Jaylon Johnson to Receive a Tall Test Against the Best
Fate and game conditions combined to keep Bears rookie wide receiver Jaylon Johnson from being tested to the full extent of his abilities to date.
It's about to change considering he'll go up Sunday against Falcons 6-foot-3, 221-pound wide receiver Julio Jones.
"Just being able to match up against arguably one of the best receivers of this generation, I mean, being able to line up against him and then Calvin Ridley is an upcoming star, as well," Johnson said. "They're definitely explosive players and very savvy route runners.
"And they make every route look the same. It's just about having eye discipline and just trying to stay attached."
Eye discipline yes, but he won't be wide-eyed looking at the second-highest paid wide receiver in football. Giving opponents too much respect is not in his makeup.
"No, not since I've gotten to the NFL," Johnson said. "I did as a kid in high school and maybe in college but at the end of the day he bleeds the same way I bleed so I'm just gong to go out there and compete.
"I mean he's the best and I consider myself one of the best so we've just got to match up."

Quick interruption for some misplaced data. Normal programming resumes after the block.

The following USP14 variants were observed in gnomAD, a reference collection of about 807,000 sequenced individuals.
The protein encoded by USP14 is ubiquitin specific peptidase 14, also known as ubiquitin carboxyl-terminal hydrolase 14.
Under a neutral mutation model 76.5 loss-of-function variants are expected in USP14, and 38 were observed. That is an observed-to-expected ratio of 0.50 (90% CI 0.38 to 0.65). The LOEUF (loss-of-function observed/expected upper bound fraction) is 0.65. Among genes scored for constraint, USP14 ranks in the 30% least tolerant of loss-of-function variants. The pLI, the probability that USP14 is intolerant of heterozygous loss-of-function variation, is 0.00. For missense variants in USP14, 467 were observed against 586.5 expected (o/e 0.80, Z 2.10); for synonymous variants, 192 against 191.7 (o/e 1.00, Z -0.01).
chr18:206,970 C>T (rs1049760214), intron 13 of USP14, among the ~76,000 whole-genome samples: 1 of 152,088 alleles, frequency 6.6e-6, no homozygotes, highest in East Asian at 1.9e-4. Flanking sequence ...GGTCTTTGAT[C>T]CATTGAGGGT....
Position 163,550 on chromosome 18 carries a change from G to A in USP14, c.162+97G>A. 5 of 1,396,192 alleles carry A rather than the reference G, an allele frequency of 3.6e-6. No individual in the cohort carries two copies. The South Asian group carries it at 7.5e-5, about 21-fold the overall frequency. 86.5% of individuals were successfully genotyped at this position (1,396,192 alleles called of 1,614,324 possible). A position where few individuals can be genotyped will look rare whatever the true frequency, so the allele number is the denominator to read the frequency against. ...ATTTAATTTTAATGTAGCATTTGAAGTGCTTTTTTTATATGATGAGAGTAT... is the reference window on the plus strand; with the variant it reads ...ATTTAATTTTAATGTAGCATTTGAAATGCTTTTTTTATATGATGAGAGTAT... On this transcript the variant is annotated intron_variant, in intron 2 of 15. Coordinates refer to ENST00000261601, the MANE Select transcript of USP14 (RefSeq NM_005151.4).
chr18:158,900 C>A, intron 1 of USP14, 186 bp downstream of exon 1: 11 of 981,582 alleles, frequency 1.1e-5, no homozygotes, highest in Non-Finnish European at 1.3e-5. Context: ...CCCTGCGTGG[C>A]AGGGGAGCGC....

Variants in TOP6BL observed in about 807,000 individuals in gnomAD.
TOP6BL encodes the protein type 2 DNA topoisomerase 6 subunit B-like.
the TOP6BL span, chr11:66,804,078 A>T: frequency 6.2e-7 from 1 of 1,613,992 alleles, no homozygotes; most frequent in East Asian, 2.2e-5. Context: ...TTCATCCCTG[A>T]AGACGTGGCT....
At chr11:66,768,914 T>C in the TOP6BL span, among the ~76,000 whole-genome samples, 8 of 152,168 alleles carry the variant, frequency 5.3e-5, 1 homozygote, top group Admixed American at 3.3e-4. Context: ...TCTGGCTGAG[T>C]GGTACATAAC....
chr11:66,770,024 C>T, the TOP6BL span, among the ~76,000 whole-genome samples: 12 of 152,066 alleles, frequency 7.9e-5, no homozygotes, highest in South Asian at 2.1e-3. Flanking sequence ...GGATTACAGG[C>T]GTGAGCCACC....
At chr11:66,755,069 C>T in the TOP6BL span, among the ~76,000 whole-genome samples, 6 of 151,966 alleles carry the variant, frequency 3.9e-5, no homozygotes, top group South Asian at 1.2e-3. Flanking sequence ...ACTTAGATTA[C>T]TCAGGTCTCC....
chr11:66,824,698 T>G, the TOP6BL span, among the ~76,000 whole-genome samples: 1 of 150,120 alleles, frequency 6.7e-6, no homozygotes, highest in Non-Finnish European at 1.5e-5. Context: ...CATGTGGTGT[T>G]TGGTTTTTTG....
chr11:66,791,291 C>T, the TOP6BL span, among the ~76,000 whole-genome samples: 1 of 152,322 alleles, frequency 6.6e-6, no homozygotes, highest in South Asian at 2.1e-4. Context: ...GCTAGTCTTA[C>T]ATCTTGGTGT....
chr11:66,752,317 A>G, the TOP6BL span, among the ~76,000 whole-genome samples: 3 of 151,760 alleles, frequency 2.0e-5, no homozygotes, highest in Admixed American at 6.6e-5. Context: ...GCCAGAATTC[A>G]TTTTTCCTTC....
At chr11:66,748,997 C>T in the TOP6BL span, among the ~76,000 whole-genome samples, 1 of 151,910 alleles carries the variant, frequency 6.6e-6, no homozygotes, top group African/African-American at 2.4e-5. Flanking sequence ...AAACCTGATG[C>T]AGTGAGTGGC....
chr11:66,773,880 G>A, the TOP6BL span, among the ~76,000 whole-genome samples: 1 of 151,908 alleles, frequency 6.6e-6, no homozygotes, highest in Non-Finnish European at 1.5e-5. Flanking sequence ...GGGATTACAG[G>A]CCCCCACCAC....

Johnson's confidence in his abilities have been justified to date with 10 tackles and a team-high five pass defenses. Johnson has blended well at right cornerback into a secondary which currently has the best passer rating against in the NFL of 73.1. The Bears led the NFL at this in 2018.
However, in neither game did Johnson face the full extent of the opposition receivers' abilities.
Against Detroit in the opener, wide receiver Kenny Golladay didn't play. Last week Sterling Shepard went out with a toe injury early after two catches for 29 yards and didn't return.
Nevertheless, Johnson performed his duties beyond an acceptable rate. Top receiver Darius Slayton was still available to the Giants and the Bears held him to three catches for 33 yards. Marvin Jones Jr. was limited to four catches for 55 yards.
Johson's production has been the best in the Bears secondary so far, according to Pro Football Focus' grading system. Sportradar, the NFL's official stat partner, has Johnson allowing only 46.2% completions and a 70.7 passer rating against when targeted.
It's all indicating the speed of the game hasn't been too great for a rookie, but he is noticing differences from his days at Utah.
"For me, personally, people are a lot stronger and a lot bigger, but also that people know exactly what they're doing," Johnson said. "This is their profession. So they are a lot more savvy at what they're doing and how to attack you."
The adjustment has been aided by help from some Bears veterans and coaches. Two-time cornerback Kyle Fuller gave him advice when they talked away from teh field.
"I would just say kind of trust the scheme of the defense and the players around you also to be able to put yourself in certain positions and then, if they do attack opposite, you know that you've got people around you that you can trust so just really understanding the scheme of the defense."